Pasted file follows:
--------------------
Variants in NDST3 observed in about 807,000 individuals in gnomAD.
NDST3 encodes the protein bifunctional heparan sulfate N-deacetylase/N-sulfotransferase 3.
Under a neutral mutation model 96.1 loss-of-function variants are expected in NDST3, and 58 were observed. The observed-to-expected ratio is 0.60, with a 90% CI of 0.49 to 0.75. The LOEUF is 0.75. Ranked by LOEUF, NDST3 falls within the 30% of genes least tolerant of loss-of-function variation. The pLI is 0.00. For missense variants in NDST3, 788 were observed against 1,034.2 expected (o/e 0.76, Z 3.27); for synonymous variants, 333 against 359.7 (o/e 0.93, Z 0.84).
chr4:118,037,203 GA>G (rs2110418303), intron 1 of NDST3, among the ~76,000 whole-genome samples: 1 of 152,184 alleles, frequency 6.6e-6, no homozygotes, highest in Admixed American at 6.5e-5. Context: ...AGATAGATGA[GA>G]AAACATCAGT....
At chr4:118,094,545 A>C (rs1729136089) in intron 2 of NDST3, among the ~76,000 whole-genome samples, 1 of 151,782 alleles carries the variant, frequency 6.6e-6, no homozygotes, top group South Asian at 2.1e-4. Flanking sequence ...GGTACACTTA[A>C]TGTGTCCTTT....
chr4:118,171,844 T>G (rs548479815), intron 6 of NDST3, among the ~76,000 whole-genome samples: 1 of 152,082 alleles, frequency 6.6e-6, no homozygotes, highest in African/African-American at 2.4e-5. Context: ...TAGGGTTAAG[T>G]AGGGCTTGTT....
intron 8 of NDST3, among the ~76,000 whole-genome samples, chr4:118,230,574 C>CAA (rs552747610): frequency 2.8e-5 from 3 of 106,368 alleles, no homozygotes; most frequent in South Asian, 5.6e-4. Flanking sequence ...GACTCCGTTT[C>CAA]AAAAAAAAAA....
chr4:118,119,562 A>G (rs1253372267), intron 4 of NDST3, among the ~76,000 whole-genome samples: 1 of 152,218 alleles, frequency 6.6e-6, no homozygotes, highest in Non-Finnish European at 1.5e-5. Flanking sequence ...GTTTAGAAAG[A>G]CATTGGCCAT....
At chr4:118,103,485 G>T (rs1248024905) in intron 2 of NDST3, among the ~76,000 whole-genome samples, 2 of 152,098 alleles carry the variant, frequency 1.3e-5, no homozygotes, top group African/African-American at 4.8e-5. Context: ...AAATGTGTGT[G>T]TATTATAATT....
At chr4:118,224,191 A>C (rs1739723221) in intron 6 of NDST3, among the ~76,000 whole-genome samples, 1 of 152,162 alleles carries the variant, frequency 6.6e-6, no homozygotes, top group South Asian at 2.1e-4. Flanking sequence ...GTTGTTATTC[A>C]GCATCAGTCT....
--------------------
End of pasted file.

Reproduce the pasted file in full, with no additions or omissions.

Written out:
Variants in NDST3 observed in about 807,000 individuals in gnomAD.
NDST3 encodes the protein bifunctional heparan sulfate N-deacetylase/N-sulfotransferase 3.
Under a neutral mutation model 96.1 loss-of-function variants are expected in NDST3, and 58 were observed. The observed-to-expected ratio is 0.60, with a 90% CI of 0.49 to 0.75. The LOEUF is 0.75. Ranked by LOEUF, NDST3 falls within the 30% of genes least tolerant of loss-of-function variation. The pLI is 0.00. For missense variants in NDST3, 788 were observed against 1,034.2 expected (o/e 0.76, Z 3.27); for synonymous variants, 333 against 359.7 (o/e 0.93, Z 0.84).
chr4:118,037,203 GA>G (rs2110418303), intron 1 of NDST3, among the ~76,000 whole-genome samples: 1 of 152,184 alleles, frequency 6.6e-6, no homozygotes, highest in Admixed American at 6.5e-5. Context: ...AGATAGATGA[GA>G]AAACATCAGT....
At chr4:118,094,545 A>C (rs1729136089) in intron 2 of NDST3, among the ~76,000 whole-genome samples, 1 of 151,782 alleles carries the variant, frequency 6.6e-6, no homozygotes, top group South Asian at 2.1e-4. Flanking sequence ...GGTACACTTA[A>C]TGTGTCCTTT....
chr4:118,171,844 T>G (rs548479815), intron 6 of NDST3, among the ~76,000 whole-genome samples: 1 of 152,082 alleles, frequency 6.6e-6, no homozygotes, highest in African/African-American at 2.4e-5. Context: ...TAGGGTTAAG[T>G]AGGGCTTGTT....
intron 8 of NDST3, among the ~76,000 whole-genome samples, chr4:118,230,574 C>CAA (rs552747610): frequency 2.8e-5 from 3 of 106,368 alleles, no homozygotes; most frequent in South Asian, 5.6e-4. Flanking sequence ...GACTCCGTTT[C>CAA]AAAAAAAAAA....
chr4:118,119,562 A>G (rs1253372267), intron 4 of NDST3, among the ~76,000 whole-genome samples: 1 of 152,218 alleles, frequency 6.6e-6, no homozygotes, highest in Non-Finnish European at 1.5e-5. Flanking sequence ...GTTTAGAAAG[A>G]CATTGGCCAT....
At chr4:118,103,485 G>T (rs1248024905) in intron 2 of NDST3, among the ~76,000 whole-genome samples, 2 of 152,098 alleles carry the variant, frequency 1.3e-5, no homozygotes, top group African/African-American at 4.8e-5. Context: ...AAATGTGTGT[G>T]TATTATAATT....
At chr4:118,224,191 A>C (rs1739723221) in intron 6 of NDST3, among the ~76,000 whole-genome samples, 1 of 152,162 alleles carries the variant, frequency 6.6e-6, no homozygotes, top group South Asian at 2.1e-4. Flanking sequence ...GTTGTTATTC[A>C]GCATCAGTCT....